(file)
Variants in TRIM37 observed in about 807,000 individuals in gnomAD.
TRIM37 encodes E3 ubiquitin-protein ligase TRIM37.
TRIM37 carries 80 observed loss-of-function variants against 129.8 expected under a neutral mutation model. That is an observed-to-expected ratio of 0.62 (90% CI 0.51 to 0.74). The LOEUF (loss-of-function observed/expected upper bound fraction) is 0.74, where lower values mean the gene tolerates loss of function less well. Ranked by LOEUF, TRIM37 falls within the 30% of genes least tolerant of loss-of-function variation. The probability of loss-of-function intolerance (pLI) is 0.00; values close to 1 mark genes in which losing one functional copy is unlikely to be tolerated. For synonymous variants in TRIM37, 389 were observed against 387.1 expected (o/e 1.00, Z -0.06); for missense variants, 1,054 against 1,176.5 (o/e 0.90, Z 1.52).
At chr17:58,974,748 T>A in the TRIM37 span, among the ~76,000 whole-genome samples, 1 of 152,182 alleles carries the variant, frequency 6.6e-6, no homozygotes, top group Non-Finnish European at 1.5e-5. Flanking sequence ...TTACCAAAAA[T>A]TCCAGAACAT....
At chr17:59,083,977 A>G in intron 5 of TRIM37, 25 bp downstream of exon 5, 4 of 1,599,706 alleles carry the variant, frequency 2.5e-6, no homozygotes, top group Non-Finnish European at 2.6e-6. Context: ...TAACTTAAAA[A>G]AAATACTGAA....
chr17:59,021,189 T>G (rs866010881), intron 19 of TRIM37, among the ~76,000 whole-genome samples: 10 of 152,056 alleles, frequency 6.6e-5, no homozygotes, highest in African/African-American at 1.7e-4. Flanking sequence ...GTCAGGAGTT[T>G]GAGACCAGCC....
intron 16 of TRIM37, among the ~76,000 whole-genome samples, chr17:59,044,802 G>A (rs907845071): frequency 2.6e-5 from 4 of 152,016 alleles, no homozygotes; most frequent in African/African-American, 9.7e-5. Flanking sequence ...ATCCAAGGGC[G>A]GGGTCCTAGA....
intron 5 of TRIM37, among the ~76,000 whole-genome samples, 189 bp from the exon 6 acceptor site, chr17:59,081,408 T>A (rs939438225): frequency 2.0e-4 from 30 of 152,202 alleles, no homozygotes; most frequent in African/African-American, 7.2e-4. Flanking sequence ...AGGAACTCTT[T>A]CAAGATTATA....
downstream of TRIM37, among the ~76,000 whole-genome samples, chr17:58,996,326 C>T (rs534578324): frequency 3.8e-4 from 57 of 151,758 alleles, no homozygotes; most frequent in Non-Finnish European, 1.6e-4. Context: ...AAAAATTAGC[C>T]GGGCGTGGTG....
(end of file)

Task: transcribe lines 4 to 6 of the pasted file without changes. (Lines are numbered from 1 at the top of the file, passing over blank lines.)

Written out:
At chr17:58,974,748 T>A in the TRIM37 span, among the ~76,000 whole-genome samples, 1 of 152,182 alleles carries the variant, frequency 6.6e-6, no homozygotes, top group Non-Finnish European at 1.5e-5. Flanking sequence ...TTACCAAAAA[T>A]TCCAGAACAT....
At chr17:59,083,977 A>G in intron 5 of TRIM37, 25 bp downstream of exon 5, 4 of 1,599,706 alleles carry the variant, frequency 2.5e-6, no homozygotes, top group Non-Finnish European at 2.6e-6. Context: ...TAACTTAAAA[A>G]AAATACTGAA....
chr17:59,021,189 T>G (rs866010881), intron 19 of TRIM37, among the ~76,000 whole-genome samples: 10 of 152,056 alleles, frequency 6.6e-5, no homozygotes, highest in African/African-American at 1.7e-4. Flanking sequence ...GTCAGGAGTT[T>G]GAGACCAGCC....